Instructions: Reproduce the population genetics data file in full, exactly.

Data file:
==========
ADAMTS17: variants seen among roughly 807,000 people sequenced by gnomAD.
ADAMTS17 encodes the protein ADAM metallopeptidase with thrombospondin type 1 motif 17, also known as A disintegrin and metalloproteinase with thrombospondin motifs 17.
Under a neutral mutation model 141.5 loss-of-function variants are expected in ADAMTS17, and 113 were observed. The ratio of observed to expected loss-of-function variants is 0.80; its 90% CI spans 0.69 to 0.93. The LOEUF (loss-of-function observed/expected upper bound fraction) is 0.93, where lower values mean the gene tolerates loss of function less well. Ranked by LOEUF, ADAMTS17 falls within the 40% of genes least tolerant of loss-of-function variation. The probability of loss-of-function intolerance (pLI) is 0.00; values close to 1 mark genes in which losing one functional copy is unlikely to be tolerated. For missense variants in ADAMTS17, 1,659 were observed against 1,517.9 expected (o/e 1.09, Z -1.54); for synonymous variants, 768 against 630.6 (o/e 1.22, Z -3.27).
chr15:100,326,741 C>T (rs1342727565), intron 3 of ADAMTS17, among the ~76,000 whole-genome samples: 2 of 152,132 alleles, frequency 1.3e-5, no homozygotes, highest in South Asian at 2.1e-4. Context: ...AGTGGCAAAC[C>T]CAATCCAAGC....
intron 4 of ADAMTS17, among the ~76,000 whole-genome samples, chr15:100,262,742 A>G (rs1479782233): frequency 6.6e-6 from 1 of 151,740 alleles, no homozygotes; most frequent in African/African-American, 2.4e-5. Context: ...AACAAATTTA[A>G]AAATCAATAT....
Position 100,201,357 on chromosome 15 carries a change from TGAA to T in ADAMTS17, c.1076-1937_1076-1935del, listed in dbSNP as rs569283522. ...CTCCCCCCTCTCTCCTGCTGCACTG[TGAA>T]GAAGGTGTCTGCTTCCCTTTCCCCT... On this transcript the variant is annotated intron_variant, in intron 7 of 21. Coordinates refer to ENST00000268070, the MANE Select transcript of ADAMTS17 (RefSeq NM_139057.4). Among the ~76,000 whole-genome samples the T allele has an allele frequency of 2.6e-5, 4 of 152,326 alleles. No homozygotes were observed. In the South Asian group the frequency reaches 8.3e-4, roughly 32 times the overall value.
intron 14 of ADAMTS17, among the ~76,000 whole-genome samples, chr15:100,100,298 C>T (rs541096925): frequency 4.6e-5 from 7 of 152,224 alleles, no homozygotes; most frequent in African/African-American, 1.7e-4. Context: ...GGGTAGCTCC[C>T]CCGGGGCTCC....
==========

ADAMTS17: variants seen among roughly 807,000 people sequenced by gnomAD.
ADAMTS17 encodes the protein ADAM metallopeptidase with thrombospondin type 1 motif 17, also known as A disintegrin and metalloproteinase with thrombospondin motifs 17.
Under a neutral mutation model 141.5 loss-of-function variants are expected in ADAMTS17, and 113 were observed. The ratio of observed to expected loss-of-function variants is 0.80; its 90% CI spans 0.69 to 0.93. The LOEUF (loss-of-function observed/expected upper bound fraction) is 0.93, where lower values mean the gene tolerates loss of function less well. Ranked by LOEUF, ADAMTS17 falls within the 40% of genes least tolerant of loss-of-function variation. The probability of loss-of-function intolerance (pLI) is 0.00; values close to 1 mark genes in which losing one functional copy is unlikely to be tolerated. For missense variants in ADAMTS17, 1,659 were observed against 1,517.9 expected (o/e 1.09, Z -1.54); for synonymous variants, 768 against 630.6 (o/e 1.22, Z -3.27).
chr15:100,326,741 C>T (rs1342727565), intron 3 of ADAMTS17, among the ~76,000 whole-genome samples: 2 of 152,132 alleles, frequency 1.3e-5, no homozygotes, highest in South Asian at 2.1e-4. Context: ...AGTGGCAAAC[C>T]CAATCCAAGC....
intron 4 of ADAMTS17, among the ~76,000 whole-genome samples, chr15:100,262,742 A>G (rs1479782233): frequency 6.6e-6 from 1 of 151,740 alleles, no homozygotes; most frequent in African/African-American, 2.4e-5. Context: ...AACAAATTTA[A>G]AAATCAATAT....
Position 100,201,357 on chromosome 15 carries a change from TGAA to T in ADAMTS17, c.1076-1937_1076-1935del, listed in dbSNP as rs569283522. ...CTCCCCCCTCTCTCCTGCTGCACTG[TGAA>T]GAAGGTGTCTGCTTCCCTTTCCCCT... On this transcript the variant is annotated intron_variant, in intron 7 of 21. Coordinates refer to ENST00000268070, the MANE Select transcript of ADAMTS17 (RefSeq NM_139057.4). Among the ~76,000 whole-genome samples the T allele has an allele frequency of 2.6e-5, 4 of 152,326 alleles. No homozygotes were observed. In the South Asian group the frequency reaches 8.3e-4, roughly 32 times the overall value.
intron 14 of ADAMTS17, among the ~76,000 whole-genome samples, chr15:100,100,298 C>T (rs541096925): frequency 4.6e-5 from 7 of 152,224 alleles, no homozygotes; most frequent in African/African-American, 1.7e-4. Context: ...GGGTAGCTCC[C>T]CCGGGGCTCC....